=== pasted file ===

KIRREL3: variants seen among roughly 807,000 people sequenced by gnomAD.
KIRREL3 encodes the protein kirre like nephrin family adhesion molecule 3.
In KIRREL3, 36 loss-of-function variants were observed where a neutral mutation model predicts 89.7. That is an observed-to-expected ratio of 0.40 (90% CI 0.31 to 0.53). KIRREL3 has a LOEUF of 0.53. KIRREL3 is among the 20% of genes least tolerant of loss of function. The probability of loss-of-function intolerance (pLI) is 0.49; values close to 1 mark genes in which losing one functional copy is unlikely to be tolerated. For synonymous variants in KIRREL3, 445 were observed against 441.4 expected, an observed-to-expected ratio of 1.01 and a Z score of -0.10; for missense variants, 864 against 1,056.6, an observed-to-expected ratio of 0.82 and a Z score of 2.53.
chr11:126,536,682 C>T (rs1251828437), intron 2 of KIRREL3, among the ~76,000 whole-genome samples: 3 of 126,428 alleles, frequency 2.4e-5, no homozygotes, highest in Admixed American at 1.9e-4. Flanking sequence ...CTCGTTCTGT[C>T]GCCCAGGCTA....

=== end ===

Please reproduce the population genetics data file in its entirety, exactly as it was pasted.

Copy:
KIRREL3: variants seen among roughly 807,000 people sequenced by gnomAD.
KIRREL3 encodes the protein kirre like nephrin family adhesion molecule 3.
In KIRREL3, 36 loss-of-function variants were observed where a neutral mutation model predicts 89.7. That is an observed-to-expected ratio of 0.40 (90% CI 0.31 to 0.53). KIRREL3 has a LOEUF of 0.53. KIRREL3 is among the 20% of genes least tolerant of loss of function. The probability of loss-of-function intolerance (pLI) is 0.49; values close to 1 mark genes in which losing one functional copy is unlikely to be tolerated. For synonymous variants in KIRREL3, 445 were observed against 441.4 expected, an observed-to-expected ratio of 1.01 and a Z score of -0.10; for missense variants, 864 against 1,056.6, an observed-to-expected ratio of 0.82 and a Z score of 2.53.
chr11:126,536,682 C>T (rs1251828437), intron 2 of KIRREL3, among the ~76,000 whole-genome samples: 3 of 126,428 alleles, frequency 2.4e-5, no homozygotes, highest in Admixed American at 1.9e-4. Flanking sequence ...CTCGTTCTGT[C>T]GCCCAGGCTA....